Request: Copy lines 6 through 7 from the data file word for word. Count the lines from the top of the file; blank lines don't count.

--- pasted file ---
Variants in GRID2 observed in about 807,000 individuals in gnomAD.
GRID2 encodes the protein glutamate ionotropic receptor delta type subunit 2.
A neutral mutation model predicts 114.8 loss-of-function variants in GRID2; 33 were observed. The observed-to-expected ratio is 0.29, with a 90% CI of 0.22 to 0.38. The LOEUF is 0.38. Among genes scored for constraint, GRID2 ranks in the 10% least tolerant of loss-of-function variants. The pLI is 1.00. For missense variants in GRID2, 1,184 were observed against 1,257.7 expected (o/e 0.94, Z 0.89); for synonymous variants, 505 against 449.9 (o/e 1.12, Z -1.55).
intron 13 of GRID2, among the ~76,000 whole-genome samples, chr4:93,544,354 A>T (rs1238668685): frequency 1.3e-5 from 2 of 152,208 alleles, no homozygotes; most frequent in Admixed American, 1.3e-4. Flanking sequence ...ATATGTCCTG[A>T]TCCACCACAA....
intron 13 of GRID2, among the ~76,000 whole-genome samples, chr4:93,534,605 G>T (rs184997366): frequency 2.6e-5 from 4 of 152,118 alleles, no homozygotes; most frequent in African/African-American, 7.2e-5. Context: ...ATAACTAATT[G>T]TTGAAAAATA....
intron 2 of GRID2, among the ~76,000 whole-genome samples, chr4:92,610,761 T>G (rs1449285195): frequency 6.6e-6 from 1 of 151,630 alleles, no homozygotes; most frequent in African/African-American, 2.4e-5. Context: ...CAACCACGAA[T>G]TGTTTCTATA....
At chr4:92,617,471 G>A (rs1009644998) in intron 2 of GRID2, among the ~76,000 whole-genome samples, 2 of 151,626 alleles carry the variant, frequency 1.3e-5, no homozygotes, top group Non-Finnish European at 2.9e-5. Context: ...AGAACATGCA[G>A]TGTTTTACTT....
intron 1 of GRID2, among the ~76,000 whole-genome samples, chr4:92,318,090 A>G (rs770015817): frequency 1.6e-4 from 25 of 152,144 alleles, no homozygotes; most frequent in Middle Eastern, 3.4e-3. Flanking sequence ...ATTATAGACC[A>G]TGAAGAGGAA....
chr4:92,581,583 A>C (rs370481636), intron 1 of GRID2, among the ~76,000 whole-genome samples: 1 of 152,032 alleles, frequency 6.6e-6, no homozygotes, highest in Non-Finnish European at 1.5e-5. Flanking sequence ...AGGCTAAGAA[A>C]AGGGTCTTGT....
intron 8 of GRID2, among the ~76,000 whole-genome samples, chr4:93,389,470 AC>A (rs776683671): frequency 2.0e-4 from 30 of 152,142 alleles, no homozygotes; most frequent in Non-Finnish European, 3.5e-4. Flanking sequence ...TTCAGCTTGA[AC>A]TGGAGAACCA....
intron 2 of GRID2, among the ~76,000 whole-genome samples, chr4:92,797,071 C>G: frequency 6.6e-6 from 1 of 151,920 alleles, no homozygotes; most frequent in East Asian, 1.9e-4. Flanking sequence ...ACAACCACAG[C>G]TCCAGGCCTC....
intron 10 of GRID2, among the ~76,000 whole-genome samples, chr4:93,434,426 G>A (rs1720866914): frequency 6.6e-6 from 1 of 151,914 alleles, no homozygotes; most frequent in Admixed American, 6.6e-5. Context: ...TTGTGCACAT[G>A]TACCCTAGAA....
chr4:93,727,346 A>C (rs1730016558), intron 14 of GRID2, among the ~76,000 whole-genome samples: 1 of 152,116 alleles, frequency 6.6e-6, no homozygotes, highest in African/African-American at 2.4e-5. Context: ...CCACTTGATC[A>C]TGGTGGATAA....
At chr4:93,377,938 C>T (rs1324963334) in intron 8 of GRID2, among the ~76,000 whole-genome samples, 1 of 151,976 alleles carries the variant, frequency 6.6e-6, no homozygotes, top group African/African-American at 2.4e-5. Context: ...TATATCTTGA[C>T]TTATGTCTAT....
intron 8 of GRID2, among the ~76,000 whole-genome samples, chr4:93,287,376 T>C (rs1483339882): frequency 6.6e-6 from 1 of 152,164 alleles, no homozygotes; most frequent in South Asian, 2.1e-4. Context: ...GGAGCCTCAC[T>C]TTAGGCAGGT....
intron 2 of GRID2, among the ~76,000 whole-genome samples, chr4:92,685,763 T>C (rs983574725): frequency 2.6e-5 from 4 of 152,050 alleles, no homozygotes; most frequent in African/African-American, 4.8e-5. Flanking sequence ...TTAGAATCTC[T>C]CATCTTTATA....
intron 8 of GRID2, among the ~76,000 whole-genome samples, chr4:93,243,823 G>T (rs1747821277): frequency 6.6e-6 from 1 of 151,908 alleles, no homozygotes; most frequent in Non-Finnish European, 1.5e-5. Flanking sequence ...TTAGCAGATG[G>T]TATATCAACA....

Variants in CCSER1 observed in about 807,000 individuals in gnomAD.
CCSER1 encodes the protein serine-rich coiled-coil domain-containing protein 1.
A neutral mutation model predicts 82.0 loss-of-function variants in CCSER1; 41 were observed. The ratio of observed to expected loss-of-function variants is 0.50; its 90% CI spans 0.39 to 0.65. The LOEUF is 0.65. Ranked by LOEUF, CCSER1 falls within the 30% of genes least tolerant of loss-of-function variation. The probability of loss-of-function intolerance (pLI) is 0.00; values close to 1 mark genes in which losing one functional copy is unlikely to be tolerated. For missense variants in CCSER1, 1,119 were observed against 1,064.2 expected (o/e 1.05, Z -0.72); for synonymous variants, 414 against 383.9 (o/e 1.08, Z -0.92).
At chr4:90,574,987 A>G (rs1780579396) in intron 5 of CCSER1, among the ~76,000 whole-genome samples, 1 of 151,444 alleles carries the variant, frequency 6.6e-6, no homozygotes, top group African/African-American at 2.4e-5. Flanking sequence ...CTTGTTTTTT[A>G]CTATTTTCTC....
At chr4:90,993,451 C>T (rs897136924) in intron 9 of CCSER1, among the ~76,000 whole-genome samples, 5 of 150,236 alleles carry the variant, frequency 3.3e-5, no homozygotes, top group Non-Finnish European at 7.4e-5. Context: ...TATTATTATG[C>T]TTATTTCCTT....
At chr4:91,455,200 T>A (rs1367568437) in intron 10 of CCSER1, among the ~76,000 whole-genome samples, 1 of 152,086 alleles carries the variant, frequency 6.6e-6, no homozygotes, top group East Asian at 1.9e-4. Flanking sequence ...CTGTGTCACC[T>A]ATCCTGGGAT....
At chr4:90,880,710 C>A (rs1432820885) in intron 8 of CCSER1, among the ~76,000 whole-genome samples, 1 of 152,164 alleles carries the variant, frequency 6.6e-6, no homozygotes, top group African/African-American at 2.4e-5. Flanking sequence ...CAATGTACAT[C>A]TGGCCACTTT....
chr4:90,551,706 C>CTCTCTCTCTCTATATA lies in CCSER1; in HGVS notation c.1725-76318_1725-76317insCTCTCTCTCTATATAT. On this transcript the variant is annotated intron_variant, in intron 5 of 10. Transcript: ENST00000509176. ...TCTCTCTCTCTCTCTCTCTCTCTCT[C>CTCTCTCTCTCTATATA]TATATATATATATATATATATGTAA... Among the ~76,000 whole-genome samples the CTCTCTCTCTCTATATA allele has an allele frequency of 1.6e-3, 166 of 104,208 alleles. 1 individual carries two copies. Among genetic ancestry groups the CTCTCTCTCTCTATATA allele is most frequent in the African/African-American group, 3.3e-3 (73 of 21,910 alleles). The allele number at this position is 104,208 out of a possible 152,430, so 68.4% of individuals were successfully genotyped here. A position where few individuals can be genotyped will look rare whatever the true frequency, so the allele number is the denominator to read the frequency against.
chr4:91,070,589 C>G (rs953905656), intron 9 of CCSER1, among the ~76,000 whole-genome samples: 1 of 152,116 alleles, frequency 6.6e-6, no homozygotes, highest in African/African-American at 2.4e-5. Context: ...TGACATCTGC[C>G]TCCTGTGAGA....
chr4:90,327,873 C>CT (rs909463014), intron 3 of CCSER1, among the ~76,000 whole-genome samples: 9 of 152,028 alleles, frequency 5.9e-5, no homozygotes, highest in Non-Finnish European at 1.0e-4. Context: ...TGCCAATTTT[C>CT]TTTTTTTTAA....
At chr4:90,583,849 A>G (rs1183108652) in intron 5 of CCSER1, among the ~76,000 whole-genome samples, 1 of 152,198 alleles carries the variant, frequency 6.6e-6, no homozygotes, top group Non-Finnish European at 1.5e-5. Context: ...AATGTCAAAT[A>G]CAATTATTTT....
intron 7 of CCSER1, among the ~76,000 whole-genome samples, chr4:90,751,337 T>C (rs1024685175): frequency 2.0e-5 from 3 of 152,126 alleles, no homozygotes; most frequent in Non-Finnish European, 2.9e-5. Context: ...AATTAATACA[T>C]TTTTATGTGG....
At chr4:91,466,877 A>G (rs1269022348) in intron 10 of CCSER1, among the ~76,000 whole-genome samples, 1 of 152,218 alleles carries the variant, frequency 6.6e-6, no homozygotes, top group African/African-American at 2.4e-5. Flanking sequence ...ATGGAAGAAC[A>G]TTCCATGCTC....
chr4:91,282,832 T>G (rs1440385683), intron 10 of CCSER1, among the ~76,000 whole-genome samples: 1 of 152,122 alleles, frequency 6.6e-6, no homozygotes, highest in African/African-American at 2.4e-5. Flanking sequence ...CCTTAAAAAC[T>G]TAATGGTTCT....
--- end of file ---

intron 2 of GRID2, among the ~76,000 whole-genome samples, chr4:92,610,761 T>G (rs1449285195): frequency 6.6e-6 from 1 of 151,630 alleles, no homozygotes; most frequent in African/African-American, 2.4e-5. Context: ...CAACCACGAA[T>G]TGTTTCTATA....
At chr4:92,617,471 G>A (rs1009644998) in intron 2 of GRID2, among the ~76,000 whole-genome samples, 2 of 151,626 alleles carry the variant, frequency 1.3e-5, no homozygotes, top group Non-Finnish European at 2.9e-5. Context: ...AGAACATGCA[G>A]TGTTTTACTT....